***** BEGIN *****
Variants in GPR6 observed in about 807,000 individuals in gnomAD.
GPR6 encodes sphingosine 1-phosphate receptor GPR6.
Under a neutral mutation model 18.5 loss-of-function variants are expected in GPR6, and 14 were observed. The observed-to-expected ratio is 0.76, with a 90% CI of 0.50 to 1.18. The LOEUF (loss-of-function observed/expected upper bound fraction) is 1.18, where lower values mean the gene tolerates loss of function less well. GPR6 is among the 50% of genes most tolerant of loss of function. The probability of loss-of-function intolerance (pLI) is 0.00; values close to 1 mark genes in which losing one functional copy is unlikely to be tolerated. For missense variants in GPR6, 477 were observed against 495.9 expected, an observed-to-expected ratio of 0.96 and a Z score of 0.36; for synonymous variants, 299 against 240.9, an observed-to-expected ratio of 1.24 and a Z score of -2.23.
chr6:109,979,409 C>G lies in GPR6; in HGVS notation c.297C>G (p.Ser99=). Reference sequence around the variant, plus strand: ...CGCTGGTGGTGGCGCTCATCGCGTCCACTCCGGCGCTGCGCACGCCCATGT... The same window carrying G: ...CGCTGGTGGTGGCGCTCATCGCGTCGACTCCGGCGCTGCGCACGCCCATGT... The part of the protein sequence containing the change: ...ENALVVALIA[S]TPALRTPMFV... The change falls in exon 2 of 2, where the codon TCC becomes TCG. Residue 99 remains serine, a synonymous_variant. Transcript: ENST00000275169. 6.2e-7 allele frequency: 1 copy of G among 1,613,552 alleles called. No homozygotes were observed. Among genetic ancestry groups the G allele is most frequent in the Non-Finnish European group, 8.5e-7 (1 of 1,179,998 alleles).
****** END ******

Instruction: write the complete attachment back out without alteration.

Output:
Variants in GPR6 observed in about 807,000 individuals in gnomAD.
GPR6 encodes sphingosine 1-phosphate receptor GPR6.
Under a neutral mutation model 18.5 loss-of-function variants are expected in GPR6, and 14 were observed. The observed-to-expected ratio is 0.76, with a 90% CI of 0.50 to 1.18. The LOEUF (loss-of-function observed/expected upper bound fraction) is 1.18, where lower values mean the gene tolerates loss of function less well. GPR6 is among the 50% of genes most tolerant of loss of function. The probability of loss-of-function intolerance (pLI) is 0.00; values close to 1 mark genes in which losing one functional copy is unlikely to be tolerated. For missense variants in GPR6, 477 were observed against 495.9 expected, an observed-to-expected ratio of 0.96 and a Z score of 0.36; for synonymous variants, 299 against 240.9, an observed-to-expected ratio of 1.24 and a Z score of -2.23.
chr6:109,979,409 C>G lies in GPR6; in HGVS notation c.297C>G (p.Ser99=). Reference sequence around the variant, plus strand: ...CGCTGGTGGTGGCGCTCATCGCGTCCACTCCGGCGCTGCGCACGCCCATGT... The same window carrying G: ...CGCTGGTGGTGGCGCTCATCGCGTCGACTCCGGCGCTGCGCACGCCCATGT... The part of the protein sequence containing the change: ...ENALVVALIA[S]TPALRTPMFV... The change falls in exon 2 of 2, where the codon TCC becomes TCG. Residue 99 remains serine, a synonymous_variant. Transcript: ENST00000275169. 6.2e-7 allele frequency: 1 copy of G among 1,613,552 alleles called. No homozygotes were observed. Among genetic ancestry groups the G allele is most frequent in the Non-Finnish European group, 8.5e-7 (1 of 1,179,998 alleles).